By Ron Charles, book critic for The Washington Post
When looking for your next book to read this spring, consider a few titles I’ve enjoyed recently.
New novel by Curtis Sittenfeld “Love comedy” (Random House) – Surprise! – Romantic comedy.
It’s about a woman named Sally who writes sketches for TV shows like “Saturday Night Live.” She decides never to fall in love with anyone in the studio again, but then a good-looking pop star arrives to host the show and Sally doesn’t know if this is real or a punch line.
Read Excerpt: Curtis Sittenfeld’s “Romantic Comedy”
“Love comedy” By Curtis Sittenfeld (Random House), in hardcover, large print, eBook and audio format, starting April 4 Amazon, Barnes & Noble and indiebound
Rebecca Mackay’s new novel makes you think about how stories of murdered women turn into ludicrous entertainment.
“I have some questions for you.” (Vikings) begins when a popular podcaster is invited to teach at her old prep school. Back on her campus, she begins to remember the death of her high school roommate and the sloppy investigation that sent a black man to prison.
Now, more than 20 years later, will reinvestigating the case bring justice or just add to the mystery?
Read excerpt: “I have a few questions for you” by Rebecca Mackay
“I have some questions for you.” By Rebecca Makkai (Viking), in hardcover, eBook, and audio format. Amazon, Barnes & Noble and indiebound
“Barnum Wood” (Farrar, Straus and Giroux) is the first novel by Eleanor Catton, who won the Booker Prize in 2013 for The Luminaries.
This time, Catton delivered a thriller that swirls around the land of New Zealand. Some radical environmentalists want to use this land for free vegetable gardens, but an American billionaire is stealing minerals of enormous value nearby.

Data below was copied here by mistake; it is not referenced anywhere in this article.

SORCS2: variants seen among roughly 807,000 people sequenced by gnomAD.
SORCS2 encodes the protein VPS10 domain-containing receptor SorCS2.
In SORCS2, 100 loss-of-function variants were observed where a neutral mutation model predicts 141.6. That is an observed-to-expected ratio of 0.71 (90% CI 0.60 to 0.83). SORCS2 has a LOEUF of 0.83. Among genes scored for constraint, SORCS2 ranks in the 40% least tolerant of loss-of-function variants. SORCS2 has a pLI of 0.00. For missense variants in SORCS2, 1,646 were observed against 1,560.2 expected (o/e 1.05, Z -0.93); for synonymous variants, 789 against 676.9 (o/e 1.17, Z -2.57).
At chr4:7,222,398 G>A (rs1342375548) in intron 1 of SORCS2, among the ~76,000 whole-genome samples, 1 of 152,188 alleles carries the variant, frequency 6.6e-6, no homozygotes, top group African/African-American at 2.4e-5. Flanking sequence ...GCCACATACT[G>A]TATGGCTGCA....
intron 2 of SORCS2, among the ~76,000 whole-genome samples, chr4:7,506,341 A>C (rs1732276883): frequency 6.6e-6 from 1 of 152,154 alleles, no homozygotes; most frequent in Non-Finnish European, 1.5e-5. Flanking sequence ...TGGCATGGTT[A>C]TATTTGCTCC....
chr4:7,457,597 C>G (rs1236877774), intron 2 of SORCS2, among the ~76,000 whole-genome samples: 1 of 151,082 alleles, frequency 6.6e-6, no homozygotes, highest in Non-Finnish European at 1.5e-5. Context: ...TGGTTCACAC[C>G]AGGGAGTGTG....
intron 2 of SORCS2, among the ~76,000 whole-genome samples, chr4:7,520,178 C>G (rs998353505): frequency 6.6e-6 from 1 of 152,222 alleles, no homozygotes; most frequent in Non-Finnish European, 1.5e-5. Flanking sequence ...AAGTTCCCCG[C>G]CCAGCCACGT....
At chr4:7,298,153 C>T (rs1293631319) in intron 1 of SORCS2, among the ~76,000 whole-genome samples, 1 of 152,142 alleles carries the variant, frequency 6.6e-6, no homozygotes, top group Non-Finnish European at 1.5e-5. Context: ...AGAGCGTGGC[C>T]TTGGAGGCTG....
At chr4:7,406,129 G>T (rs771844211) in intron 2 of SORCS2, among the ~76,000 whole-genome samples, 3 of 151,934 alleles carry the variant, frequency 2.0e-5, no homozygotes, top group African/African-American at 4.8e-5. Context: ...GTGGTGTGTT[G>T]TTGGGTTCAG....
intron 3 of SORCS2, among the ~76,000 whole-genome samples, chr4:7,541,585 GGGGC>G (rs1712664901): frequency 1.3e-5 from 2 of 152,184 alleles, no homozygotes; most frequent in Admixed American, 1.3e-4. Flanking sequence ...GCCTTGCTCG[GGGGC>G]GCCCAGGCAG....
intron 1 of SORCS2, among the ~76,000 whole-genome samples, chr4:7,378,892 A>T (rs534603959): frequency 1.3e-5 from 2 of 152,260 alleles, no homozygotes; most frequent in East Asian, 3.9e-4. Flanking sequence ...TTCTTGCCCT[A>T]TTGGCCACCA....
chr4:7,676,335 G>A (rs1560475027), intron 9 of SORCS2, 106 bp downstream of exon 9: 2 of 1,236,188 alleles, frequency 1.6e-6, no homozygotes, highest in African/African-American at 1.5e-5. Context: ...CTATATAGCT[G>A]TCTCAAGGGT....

Both parties think they can take advantage and deceive the other, but the result is a deadly disaster.
Read excerpt: “Birnam Wood” by Eleanor Catton
“Barnum Wood” By Eleanor Catton (Farrar, Straus, Giroux), in hardcover, large print, eBook and audio formats, Amazon, Barnes & Noble and indiebound
Poets have always narrated their poems aloud, but about 50 years ago a collective of voices emerged, a vibrant new expression of expression, celebration and resistance that has attracted millions of fans. A form, spoken word poetry, was born.
Joshua Bennett, one of the genre’s most inspiring and knowledgeable authors, offers a broad cultural history in this format in his new book. “spoken language” (Knopp). President Obama’s White is a story that takes him from his house to Broadway to street corners and cafes across the country to hear the songs of America.
Read excerpt: “Spoken Word: A Cultural History” by Joshua Bennett
“Spoken Language: Cultural History” By Joshua Bennett (Knopf), in hardcover, large print, eBook and audio formats, from 28 March Amazon, Barnes & Noble and indiebound
If you need further suggestions on what to read, ask your librarian or local bookstore.
That’s it for the book report. I’m Ron Charles. Until next time, read on!
For more information:
For more reading recommendations, check out the previous Book Report feature by Ron Charles.
Produced by Robin Sanders and Roman Feeser.